Iris Growing Guide


Rich, fertile soil with excellent drainage.


Full sun.

Frost tolerant

Excellent. Most popular garden irises are hardy to -25F (-32C).


Topdress with rich compost in mid spring, after new growth appears. Fertilize with a liquid fertilizer in midsummer.


Allium, Daylily and Salpiglossis. Showy iris blossoms look especially beautiful when they rise above the foliage of low-growing flowers with fine-textured foliage such as lobelia or sweet alyssum.


Single Plants: 11″ (30cm) each way (minimum)
Rows: 7″ (20cm) with 1′ 1″ (35cm) row gap (minimum)

Sow and Plant

Set out plump rhizomes with a fan of foliage attached in spring, just as new growth appears, or in early fall. Plant shallow, so that the rhizomes are barely covered with soil. Allow 12in (30cm) between large-flowered bearded irises. Siberian iris roots should be planted 6in (15cm) apart.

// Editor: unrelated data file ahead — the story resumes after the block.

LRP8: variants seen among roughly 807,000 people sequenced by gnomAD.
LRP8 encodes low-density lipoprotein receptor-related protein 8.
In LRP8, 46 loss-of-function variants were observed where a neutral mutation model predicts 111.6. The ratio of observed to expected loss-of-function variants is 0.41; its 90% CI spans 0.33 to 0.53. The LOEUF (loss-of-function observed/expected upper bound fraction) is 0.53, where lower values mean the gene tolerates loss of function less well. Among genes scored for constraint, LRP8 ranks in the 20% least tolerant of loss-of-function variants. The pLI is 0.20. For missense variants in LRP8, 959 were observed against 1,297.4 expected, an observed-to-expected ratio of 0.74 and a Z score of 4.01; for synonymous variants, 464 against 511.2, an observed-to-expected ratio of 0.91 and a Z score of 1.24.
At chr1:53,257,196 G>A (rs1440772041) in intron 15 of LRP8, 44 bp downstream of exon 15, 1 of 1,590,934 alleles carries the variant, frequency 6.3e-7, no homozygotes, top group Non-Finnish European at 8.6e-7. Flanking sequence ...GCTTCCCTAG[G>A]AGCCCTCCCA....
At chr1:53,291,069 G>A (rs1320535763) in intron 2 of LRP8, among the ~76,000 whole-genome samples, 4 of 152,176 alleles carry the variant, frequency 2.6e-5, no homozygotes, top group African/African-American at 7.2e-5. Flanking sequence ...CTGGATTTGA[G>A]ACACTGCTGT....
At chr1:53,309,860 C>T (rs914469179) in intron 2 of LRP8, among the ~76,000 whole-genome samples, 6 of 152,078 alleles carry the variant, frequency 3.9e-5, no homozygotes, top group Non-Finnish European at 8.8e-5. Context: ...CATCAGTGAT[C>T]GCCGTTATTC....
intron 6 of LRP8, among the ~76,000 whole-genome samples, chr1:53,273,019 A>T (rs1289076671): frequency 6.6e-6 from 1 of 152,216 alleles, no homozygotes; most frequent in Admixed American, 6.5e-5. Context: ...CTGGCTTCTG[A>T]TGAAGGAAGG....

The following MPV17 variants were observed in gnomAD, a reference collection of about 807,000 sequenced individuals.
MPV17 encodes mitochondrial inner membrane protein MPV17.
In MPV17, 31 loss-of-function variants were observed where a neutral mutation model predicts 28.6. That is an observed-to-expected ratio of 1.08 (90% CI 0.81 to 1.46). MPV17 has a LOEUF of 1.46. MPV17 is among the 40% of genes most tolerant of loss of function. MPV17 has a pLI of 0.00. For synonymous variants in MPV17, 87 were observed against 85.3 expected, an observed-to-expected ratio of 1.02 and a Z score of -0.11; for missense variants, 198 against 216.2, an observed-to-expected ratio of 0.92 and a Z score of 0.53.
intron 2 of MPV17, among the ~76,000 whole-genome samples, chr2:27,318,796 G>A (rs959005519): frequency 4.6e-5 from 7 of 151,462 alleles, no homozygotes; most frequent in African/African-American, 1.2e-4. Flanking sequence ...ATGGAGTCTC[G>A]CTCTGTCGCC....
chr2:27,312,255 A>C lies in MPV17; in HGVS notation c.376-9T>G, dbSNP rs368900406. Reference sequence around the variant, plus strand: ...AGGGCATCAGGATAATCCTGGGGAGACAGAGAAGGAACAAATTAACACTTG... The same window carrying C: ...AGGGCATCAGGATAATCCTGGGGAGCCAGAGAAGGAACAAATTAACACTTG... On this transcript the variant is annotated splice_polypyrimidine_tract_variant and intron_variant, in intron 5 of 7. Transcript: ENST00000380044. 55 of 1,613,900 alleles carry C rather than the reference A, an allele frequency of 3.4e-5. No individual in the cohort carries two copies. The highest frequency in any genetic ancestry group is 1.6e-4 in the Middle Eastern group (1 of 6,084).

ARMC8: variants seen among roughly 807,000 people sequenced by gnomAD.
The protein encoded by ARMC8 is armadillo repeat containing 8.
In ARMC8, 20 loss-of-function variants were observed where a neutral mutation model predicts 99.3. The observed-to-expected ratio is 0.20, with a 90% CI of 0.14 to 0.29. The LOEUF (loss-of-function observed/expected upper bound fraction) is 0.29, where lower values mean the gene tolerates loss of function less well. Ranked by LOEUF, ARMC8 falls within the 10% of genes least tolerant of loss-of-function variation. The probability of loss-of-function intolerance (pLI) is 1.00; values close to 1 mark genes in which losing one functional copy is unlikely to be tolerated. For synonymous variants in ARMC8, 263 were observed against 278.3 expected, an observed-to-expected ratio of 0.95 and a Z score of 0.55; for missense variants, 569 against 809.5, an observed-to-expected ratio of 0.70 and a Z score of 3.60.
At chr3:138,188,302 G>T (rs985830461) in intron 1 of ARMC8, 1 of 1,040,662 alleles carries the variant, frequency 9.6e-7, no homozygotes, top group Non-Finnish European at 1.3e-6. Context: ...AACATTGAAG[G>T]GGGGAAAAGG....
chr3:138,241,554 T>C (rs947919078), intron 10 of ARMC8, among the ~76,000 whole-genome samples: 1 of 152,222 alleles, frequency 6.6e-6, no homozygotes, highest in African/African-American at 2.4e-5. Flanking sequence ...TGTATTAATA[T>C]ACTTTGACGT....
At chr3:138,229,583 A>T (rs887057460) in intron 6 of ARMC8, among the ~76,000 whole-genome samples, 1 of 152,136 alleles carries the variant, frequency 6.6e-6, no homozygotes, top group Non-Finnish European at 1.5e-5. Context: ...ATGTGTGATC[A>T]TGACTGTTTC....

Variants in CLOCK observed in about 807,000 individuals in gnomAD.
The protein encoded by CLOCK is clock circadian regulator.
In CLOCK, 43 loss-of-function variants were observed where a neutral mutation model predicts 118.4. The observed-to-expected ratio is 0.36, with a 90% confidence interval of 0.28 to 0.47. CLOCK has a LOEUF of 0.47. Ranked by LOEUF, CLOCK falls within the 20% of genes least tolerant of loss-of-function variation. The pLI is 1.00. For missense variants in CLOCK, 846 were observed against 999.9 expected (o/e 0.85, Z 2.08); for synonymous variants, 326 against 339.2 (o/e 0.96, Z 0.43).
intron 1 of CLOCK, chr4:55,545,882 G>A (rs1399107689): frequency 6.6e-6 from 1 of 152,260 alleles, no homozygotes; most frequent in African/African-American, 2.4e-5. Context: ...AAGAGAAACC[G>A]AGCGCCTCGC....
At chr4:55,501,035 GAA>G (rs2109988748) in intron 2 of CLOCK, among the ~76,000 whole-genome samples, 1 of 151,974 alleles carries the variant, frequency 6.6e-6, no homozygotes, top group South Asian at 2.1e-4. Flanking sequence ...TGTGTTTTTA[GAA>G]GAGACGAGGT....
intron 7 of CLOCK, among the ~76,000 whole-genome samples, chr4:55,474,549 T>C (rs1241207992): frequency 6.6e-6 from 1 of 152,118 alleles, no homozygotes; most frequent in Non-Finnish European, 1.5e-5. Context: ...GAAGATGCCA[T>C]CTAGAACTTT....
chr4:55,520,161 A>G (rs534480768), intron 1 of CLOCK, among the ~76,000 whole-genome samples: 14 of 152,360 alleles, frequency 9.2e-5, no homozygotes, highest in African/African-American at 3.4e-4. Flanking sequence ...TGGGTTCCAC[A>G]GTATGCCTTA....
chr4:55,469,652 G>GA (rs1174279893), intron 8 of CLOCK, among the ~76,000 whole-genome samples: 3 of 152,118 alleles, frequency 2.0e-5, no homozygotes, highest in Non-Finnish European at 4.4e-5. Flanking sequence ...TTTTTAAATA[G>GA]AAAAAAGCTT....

Iris may not bloom for a year after they are moved. Choose early and late-blooming varieties to extend the iris season. Several newer varieties will re-bloom in the fall with good care.


Cut irises for arrangements as soon as the buds show good color; they will continue to open indoors. As the flowers fade in the garden, trim them off with scissors or pruning shears.


Several insects damage iris roots. When digging and replanting an old plot, cut away pieces of injured root. Siberian iris have few pest problems, and are seldom eaten by deer.

Scroll to top
%d bloggers like this: